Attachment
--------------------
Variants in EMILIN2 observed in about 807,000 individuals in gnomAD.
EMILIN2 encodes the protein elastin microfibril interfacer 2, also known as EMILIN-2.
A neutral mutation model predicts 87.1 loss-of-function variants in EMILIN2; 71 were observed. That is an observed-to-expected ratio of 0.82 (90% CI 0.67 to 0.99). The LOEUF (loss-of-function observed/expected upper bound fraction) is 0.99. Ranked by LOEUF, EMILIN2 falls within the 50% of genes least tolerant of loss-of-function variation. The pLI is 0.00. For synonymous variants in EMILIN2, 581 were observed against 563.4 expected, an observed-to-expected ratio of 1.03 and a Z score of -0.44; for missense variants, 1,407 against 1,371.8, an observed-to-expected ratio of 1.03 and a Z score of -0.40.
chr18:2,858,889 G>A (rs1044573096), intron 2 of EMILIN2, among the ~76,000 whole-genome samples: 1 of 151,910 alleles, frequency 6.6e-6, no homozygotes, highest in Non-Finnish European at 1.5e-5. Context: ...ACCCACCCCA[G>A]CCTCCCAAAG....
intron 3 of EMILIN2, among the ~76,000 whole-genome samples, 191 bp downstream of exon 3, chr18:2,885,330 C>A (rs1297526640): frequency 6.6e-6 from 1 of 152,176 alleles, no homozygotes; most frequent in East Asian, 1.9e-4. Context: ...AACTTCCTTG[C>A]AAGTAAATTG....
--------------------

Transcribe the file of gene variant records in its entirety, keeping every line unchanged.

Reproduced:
Variants in EMILIN2 observed in about 807,000 individuals in gnomAD.
EMILIN2 encodes the protein elastin microfibril interfacer 2, also known as EMILIN-2.
A neutral mutation model predicts 87.1 loss-of-function variants in EMILIN2; 71 were observed. That is an observed-to-expected ratio of 0.82 (90% CI 0.67 to 0.99). The LOEUF (loss-of-function observed/expected upper bound fraction) is 0.99. Ranked by LOEUF, EMILIN2 falls within the 50% of genes least tolerant of loss-of-function variation. The pLI is 0.00. For synonymous variants in EMILIN2, 581 were observed against 563.4 expected, an observed-to-expected ratio of 1.03 and a Z score of -0.44; for missense variants, 1,407 against 1,371.8, an observed-to-expected ratio of 1.03 and a Z score of -0.40.
chr18:2,858,889 G>A (rs1044573096), intron 2 of EMILIN2, among the ~76,000 whole-genome samples: 1 of 151,910 alleles, frequency 6.6e-6, no homozygotes, highest in Non-Finnish European at 1.5e-5. Context: ...ACCCACCCCA[G>A]CCTCCCAAAG....
intron 3 of EMILIN2, among the ~76,000 whole-genome samples, 191 bp downstream of exon 3, chr18:2,885,330 C>A (rs1297526640): frequency 6.6e-6 from 1 of 152,176 alleles, no homozygotes; most frequent in East Asian, 1.9e-4. Context: ...AACTTCCTTG[C>A]AAGTAAATTG....